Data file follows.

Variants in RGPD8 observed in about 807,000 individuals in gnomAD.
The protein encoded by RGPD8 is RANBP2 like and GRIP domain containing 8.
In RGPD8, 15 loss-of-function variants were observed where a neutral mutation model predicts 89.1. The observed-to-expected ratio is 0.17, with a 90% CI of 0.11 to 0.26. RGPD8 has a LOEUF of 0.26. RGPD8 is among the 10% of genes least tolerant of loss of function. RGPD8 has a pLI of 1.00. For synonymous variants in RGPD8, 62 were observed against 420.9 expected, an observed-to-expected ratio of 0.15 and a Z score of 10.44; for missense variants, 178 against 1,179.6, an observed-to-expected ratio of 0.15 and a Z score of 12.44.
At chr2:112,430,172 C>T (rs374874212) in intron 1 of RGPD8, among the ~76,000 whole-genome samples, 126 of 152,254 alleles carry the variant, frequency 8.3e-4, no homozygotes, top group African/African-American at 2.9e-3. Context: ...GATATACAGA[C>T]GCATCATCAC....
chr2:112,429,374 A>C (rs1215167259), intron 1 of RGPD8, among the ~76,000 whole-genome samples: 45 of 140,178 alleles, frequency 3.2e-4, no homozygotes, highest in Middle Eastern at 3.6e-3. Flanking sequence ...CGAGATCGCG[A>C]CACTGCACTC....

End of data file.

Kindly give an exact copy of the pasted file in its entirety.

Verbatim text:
Variants in RGPD8 observed in about 807,000 individuals in gnomAD.
The protein encoded by RGPD8 is RANBP2 like and GRIP domain containing 8.
In RGPD8, 15 loss-of-function variants were observed where a neutral mutation model predicts 89.1. The observed-to-expected ratio is 0.17, with a 90% CI of 0.11 to 0.26. RGPD8 has a LOEUF of 0.26. RGPD8 is among the 10% of genes least tolerant of loss of function. RGPD8 has a pLI of 1.00. For synonymous variants in RGPD8, 62 were observed against 420.9 expected, an observed-to-expected ratio of 0.15 and a Z score of 10.44; for missense variants, 178 against 1,179.6, an observed-to-expected ratio of 0.15 and a Z score of 12.44.
At chr2:112,430,172 C>T (rs374874212) in intron 1 of RGPD8, among the ~76,000 whole-genome samples, 126 of 152,254 alleles carry the variant, frequency 8.3e-4, no homozygotes, top group African/African-American at 2.9e-3. Context: ...GATATACAGA[C>T]GCATCATCAC....
chr2:112,429,374 A>C (rs1215167259), intron 1 of RGPD8, among the ~76,000 whole-genome samples: 45 of 140,178 alleles, frequency 3.2e-4, no homozygotes, highest in Middle Eastern at 3.6e-3. Flanking sequence ...CGAGATCGCG[A>C]CACTGCACTC....